The Daughter of Time
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10 of 10 people found the following review helpful
on August 25, 2003
Oddly enough I've had Ms Tey's The Daughter of Time in my own library off and on for years, but just never got around to reading it. Usually it got given away whenever I moved. This time I actually took a moment to read the cover introduction and decided to buy it once more, fully resolved to reading it immediately. Once I got into it, I couldn't put it down. The lady justly deserves her reputation as a gifted writer.
As the commentator Robert Barnard opines at the beginning of the book, Tey's style is difficult to pigeon hole. I'd read one other book by her (Miss Pym Disposes) and this story was not remotely what I expected. The Daughter of Time (a title taken from an old proverb, "Truth is the daughter of time") is a wonderful medley of history, mystery, and theatrical. One can easily see the author's grounding in the world of the stage.
The entire story takes place in a hospital room and in the imagination of its occupant. The action, if you can call it that, comes through the introduction of information by various other characters who aid the invalid, an injured detective from Scotland Yard, in his attempt to discover the true story of Richard the Third-yes that nasty fellow who murdered his nephews in the Tower of London.....or did he? He pursues the evidence as he would a modern day crime, believing nothing until he can validate it by a primary source. Slowly but surely he builds his case.
From the beginning the author has complete control of her reader's attention-I read the entire book in about 2 hours. After creating the image of the hospital room and the ennui of its occupant, she wastes very little verbage on descriptions beyond creating the personalities of the walk on characters. Most of the focus is on solving the puzzle of the murders and the reality of the time in which all the historical figures lived. One almost has the sense of a stage with the main character addressing his audience with his thoughts when alone or his guests when they make appearances. A spotlight may fall on the actions of the past and their participants briefly, then dissolve as the story progresses to the next fact and how it fits into the tale of the young princes and their uncle. This makes it a rapid and enjoyable read. I'd love to see it done as a play. It's set might be very nearly as economical as that for Our Town.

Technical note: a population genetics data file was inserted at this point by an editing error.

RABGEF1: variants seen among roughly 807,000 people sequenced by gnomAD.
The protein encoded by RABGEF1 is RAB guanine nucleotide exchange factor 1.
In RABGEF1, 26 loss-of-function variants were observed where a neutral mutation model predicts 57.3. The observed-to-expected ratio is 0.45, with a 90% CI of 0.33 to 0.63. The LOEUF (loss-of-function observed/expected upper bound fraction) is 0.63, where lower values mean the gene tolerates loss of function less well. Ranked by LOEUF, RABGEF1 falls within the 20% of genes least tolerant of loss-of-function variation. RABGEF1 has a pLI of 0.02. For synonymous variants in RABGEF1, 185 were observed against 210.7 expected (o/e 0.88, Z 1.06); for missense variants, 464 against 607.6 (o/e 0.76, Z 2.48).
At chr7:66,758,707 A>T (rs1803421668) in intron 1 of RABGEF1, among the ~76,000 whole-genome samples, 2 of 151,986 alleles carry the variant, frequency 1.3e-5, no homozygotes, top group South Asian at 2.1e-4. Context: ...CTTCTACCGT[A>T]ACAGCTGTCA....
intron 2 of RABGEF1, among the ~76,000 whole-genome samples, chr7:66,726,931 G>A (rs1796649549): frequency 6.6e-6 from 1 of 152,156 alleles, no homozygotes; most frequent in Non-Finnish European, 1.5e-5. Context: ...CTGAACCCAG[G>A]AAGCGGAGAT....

A tightly written, well researched work of art. For anyone with an interest in history, mystery and/or the stage, this is the book for you.
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9 of 9 people found the following review helpful
on August 3, 2002
This novel is nore of a historical investigation than a murder mystery. The novel starts out with Inspector Alan Grant recovering form a broken leg. While perusing reading materials he is intrigued by England's last Plantagenet, King Richard III. Did he murder or arrange the assasination of his two young nephews? Most of the text which he reads say this is true. He wants to investigate further into the matter. Grant enlists the aid of an American researcher, Brent Carradine.
What they find is available to the public. This particular mystery is not so interesting in the conclusion; but how and why they reached their results. The information is available at all public libraries.